At the Council of Toledo in Spain, A. D. 633, the definition of a hymn was canonized and written into the law of the church. The definition was adopted from St. Augustine who wrote over 200 years earlier that “a hymn…containeth these three things: song (canticum), and praise (laudem), and that of God.”
This understanding endured for years, with the minor exception (or major, depending on your perspective) that laudem was also given unto many saints and not just to God. Many hymns thus included praise for those saints who were revered by the church and did not solely reserve praise for God alone. It was also not uncommon for hymns to include content on the various seasons of the church year.
Later, Calvin and many of the Reformers asserted that only the Psalms were inspired. All other songs were of human origin and therefore deemed unworthy of divine worship. The Psalms were cast into metrical language and became the music of the Church in England, Scotland, and Holland, and in the parts of the American colonies that were settled by people from those countries. “Hymn”-singing was thus stigmatized in these places until the coming of Isaac Watts (died 1748), though some peoples (even some Reformed) continued the practice in spite of some of Calvin’s teachings (i.e. Germans, Scandinavians, and Hungarians). Today the psalm-singing churches make up only a tiny fraction of the English speaking world.
In modern times, the word “hymn” has come to mean many various things and the content greatly expanded. Hymns today cover a range of topics including: forgiveness, Christian unity, loyalty, missions, good will, fellowship, the Church, social justice, and countless other topics and objectives of the Christian life and of the Kingdom of God. By the early twentieth century The Hymn Society of America had adopted a definition (though not necessarily representing the views of “the Church” everywhere) which reveals this great expansion of meaning. The Society adopted Carl F. Price’s (died 1947) definition, which goes:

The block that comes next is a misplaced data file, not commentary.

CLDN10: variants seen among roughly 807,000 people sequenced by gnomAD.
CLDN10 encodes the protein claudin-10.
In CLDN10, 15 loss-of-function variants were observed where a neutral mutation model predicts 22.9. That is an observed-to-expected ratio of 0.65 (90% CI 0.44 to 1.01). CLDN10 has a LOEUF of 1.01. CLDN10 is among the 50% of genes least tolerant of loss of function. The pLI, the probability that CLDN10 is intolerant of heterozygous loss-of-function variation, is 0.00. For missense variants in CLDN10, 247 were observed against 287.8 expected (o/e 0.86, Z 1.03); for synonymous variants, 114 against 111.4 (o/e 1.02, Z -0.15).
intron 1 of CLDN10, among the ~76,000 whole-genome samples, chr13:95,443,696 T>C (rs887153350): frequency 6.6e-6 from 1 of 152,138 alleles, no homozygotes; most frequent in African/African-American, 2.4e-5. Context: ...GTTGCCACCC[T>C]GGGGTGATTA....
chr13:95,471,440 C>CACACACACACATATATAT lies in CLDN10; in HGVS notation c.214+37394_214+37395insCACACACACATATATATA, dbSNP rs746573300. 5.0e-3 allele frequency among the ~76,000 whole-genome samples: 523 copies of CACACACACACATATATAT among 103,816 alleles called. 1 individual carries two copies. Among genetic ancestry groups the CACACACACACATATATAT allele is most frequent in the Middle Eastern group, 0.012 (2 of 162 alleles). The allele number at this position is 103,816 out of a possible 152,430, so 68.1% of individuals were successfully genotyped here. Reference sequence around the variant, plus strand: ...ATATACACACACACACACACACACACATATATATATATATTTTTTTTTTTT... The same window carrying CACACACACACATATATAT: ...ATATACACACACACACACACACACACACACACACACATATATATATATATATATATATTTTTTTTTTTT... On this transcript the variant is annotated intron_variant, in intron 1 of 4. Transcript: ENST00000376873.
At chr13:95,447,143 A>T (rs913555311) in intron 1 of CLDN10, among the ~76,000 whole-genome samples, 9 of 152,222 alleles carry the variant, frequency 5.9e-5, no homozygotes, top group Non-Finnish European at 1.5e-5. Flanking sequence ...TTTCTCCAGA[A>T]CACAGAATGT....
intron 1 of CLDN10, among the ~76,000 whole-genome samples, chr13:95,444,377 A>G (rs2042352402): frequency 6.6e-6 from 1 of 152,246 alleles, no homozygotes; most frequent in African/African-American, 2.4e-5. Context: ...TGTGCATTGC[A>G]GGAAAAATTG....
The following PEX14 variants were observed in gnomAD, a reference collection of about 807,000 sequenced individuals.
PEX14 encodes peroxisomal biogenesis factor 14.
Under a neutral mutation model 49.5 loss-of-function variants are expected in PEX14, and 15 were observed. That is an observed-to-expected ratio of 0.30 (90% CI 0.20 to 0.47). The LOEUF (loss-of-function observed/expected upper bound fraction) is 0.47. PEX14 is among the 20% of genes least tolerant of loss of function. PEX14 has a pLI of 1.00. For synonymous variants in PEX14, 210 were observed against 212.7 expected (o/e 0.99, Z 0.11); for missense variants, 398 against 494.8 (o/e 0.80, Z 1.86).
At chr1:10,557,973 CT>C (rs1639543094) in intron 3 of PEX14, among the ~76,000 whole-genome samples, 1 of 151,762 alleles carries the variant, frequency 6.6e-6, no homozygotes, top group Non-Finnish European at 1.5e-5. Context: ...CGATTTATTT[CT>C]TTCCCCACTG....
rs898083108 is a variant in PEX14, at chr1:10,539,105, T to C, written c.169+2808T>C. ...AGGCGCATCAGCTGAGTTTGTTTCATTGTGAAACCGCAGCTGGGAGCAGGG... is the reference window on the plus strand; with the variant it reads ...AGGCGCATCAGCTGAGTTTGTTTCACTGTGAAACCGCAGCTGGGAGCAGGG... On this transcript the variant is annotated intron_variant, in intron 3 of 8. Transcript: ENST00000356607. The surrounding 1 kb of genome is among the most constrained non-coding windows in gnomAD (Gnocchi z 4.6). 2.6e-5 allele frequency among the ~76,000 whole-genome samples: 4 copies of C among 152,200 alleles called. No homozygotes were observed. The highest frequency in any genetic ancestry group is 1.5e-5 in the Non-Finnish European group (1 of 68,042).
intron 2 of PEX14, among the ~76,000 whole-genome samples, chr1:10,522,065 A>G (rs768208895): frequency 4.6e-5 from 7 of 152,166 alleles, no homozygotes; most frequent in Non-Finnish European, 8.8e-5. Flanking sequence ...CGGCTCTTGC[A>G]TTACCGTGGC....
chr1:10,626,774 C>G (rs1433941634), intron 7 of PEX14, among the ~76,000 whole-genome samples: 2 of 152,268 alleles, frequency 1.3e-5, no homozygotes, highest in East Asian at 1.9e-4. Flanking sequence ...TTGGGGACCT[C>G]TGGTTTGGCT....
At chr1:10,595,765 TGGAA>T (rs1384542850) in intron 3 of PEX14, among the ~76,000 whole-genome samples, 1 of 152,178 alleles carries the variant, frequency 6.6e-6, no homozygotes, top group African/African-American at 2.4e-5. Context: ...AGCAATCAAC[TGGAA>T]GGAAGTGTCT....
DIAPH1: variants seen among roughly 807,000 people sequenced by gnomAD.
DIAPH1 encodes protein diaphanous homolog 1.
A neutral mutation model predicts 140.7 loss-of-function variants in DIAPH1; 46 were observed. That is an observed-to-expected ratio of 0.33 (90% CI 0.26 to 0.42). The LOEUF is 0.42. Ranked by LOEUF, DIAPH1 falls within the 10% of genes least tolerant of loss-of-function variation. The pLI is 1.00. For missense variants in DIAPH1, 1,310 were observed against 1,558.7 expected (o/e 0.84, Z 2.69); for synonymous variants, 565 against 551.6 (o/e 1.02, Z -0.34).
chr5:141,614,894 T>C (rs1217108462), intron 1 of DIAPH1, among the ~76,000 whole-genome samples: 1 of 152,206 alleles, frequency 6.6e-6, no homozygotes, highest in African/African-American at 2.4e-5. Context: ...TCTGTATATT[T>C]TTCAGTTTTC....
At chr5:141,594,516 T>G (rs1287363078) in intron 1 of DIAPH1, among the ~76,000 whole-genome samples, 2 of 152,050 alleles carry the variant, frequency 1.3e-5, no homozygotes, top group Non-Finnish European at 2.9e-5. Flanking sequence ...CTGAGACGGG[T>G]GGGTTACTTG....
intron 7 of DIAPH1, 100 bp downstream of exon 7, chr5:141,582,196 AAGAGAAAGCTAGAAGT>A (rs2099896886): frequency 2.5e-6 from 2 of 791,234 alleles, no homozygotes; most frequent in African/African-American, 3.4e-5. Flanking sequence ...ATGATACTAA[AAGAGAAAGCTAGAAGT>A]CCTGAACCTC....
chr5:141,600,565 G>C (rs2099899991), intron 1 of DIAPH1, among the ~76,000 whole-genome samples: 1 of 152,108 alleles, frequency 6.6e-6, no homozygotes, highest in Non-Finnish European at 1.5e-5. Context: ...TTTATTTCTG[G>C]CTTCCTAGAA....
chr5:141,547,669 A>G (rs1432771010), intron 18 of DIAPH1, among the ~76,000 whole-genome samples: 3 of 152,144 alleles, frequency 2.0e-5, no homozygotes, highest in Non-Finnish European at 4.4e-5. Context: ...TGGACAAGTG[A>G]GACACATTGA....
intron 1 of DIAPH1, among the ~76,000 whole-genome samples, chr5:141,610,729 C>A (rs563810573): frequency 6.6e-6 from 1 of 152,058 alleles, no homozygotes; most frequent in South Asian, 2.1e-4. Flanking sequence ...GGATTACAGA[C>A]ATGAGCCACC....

A Christian hymn is a lyric poem, reverently and devotionally conceived, which is designed to be sung and which expresses the worshipper’s attitude toward God, or God’s purposes in human life. It should be simple and metrical in form, genuinely emotional, poetic, and literary in style, spiritual in quality, and in its ideas so direct and so immediately aparrent as to unify a congregation while singing it.
Whatever one’s thoughts on the ethics of hymns, good hymns generally have the following characteristics according to Price (with some additions by Armin Haeussler):
(2) Depth of religious feeling.
(6) Commitment to various patterns which include (a) Trinitarian, (b) Conversational, (c) Hebrew based on thesis, antithesis, and synthesis, (d) Paradoxical, (e) Petitionary, (f) Litany, (g) Words of Jesus, and (h) penitence.
There is also much debate about whether or not a “hymn” includes both text and tune, or is it confined to the text solely. Suffice it to say for now that the word “hymn” seems to include both text and tune in modern usage. David McKinley Williams (died 1978) said in an address delivered on Oct. 19, 1941: “A hymn is not good because of the merit of its verse or for the excellence of its tune, but for the felicitous union of both words and tune.”
Maybe, in my opinion, the most important piece of the discussion is reflected in what Kierkegaard (died 1855) said of hymns: “God is the audience.” Because God is the audience, hymns must be guarded by certain principles, most importantly the word of God. In other words, a hymn must not simply contain religious language or phraseology, but must be submitted to the teaching of Scripture. A hymn can only said to be properly Christian in as much as it reflects the truths of the Christian faith. Psalm 66:2 captures this: “Sing the glory of His name, make His praise glorious!” (NAS). In other words, the music won’t be glorious unless it accurately reflects the glory of God’s name. It would not be fitting to sing a song to God that doesn’t accurately describe him, his Church, his dwelling place, his actions, or his purpose in the world. The content is crucial.
In closing, I quote Williams again,
When we sing, through our emotions the door of our understanding is opened to things beyond the meaning of words. We sing ourselves into the grace of believing; too often we talk ourselves into doubt. So then, let us once in a while be filled with the freedom and the ecstasy of singing. The reward will be great. It will be that we are numbered among the immortals who sing the never-beginning, the never-ending, the ever-old, the always-new song to the praise of God.
Amen, “Sing to him, sing praises to him; tell of his wondrous works! (Psalm 105:2).
Note: Most of the content from this entry was adapted or quoted from The Story of Our Hymns by Armin Haesussler. See specifically pages 1-10 on “What is a Hymn?”